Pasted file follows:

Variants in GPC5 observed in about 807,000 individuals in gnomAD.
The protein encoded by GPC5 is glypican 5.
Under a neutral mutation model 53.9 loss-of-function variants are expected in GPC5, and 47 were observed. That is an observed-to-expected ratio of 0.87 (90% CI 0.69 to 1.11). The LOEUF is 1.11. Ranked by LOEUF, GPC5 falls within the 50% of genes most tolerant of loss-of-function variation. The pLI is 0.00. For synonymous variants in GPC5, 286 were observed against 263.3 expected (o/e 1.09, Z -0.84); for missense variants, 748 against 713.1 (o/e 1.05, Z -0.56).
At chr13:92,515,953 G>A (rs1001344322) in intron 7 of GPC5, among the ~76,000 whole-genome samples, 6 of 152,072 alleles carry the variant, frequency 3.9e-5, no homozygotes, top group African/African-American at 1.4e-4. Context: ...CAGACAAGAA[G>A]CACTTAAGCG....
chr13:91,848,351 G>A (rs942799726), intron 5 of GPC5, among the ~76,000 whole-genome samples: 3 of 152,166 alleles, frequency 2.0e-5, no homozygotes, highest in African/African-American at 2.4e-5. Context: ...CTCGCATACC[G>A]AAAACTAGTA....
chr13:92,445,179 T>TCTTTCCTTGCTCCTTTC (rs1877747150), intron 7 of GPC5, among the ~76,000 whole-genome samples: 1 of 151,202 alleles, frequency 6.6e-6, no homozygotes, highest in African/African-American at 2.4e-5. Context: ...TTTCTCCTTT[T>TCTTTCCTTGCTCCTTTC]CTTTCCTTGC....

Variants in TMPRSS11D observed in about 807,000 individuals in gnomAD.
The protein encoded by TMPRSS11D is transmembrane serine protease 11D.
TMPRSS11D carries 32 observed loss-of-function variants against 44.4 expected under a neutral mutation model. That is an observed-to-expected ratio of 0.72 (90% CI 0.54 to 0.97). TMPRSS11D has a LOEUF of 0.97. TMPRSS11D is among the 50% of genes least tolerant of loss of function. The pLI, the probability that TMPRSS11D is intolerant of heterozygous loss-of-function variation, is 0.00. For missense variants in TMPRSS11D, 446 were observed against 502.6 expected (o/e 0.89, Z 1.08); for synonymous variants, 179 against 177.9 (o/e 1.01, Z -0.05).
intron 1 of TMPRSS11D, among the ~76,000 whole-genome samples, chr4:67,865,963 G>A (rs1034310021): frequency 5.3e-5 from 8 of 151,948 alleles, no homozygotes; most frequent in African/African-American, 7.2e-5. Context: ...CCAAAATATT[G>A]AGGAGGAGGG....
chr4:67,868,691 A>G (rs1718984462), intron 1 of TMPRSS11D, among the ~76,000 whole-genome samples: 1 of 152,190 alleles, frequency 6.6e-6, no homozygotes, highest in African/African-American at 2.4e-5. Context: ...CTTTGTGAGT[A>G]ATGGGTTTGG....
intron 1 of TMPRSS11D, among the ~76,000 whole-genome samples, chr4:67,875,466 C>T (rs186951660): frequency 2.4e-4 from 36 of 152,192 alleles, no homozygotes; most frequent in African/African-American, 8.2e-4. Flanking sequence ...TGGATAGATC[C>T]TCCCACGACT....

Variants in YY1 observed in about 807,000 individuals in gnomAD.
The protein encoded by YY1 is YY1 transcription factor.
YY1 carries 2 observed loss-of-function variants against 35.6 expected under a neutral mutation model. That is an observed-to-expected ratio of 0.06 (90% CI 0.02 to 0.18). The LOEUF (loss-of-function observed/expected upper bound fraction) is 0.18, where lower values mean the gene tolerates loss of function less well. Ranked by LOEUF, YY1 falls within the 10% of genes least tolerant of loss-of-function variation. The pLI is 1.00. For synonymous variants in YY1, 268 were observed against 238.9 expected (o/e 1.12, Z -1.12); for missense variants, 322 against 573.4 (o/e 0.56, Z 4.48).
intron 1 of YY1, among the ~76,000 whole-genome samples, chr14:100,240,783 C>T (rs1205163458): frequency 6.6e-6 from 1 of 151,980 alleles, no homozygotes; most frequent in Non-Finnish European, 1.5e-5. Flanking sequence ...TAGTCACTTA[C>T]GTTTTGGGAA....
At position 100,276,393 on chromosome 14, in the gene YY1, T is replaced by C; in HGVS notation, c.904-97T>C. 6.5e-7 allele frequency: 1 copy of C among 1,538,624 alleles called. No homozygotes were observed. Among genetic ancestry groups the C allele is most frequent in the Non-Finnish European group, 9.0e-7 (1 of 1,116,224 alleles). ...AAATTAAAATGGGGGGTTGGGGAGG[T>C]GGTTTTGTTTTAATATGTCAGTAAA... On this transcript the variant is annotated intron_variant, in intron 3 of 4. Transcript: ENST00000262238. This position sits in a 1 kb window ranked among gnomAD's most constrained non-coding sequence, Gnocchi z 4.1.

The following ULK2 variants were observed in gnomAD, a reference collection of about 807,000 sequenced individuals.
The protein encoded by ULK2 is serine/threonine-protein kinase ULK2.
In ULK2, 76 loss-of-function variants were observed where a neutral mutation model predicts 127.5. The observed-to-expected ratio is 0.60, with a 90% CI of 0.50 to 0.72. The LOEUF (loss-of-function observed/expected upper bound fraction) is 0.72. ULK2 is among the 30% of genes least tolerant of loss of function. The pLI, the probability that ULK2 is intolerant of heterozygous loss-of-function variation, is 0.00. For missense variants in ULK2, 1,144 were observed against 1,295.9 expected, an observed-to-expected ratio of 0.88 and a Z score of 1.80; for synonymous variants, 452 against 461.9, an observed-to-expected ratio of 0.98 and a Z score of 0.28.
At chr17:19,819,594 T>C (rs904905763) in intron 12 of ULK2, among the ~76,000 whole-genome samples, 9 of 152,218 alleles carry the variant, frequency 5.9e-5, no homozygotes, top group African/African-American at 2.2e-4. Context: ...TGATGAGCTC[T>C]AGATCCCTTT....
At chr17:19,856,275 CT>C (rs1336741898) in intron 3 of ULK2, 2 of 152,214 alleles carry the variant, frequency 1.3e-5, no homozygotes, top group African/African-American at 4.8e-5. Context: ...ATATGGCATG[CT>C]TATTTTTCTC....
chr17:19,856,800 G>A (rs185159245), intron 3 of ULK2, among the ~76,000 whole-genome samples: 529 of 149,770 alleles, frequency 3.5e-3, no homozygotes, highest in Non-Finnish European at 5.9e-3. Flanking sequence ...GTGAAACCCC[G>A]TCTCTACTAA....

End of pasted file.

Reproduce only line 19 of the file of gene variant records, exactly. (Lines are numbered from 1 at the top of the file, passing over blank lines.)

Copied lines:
The protein encoded by ULK2 is serine/threonine-protein kinase ULK2.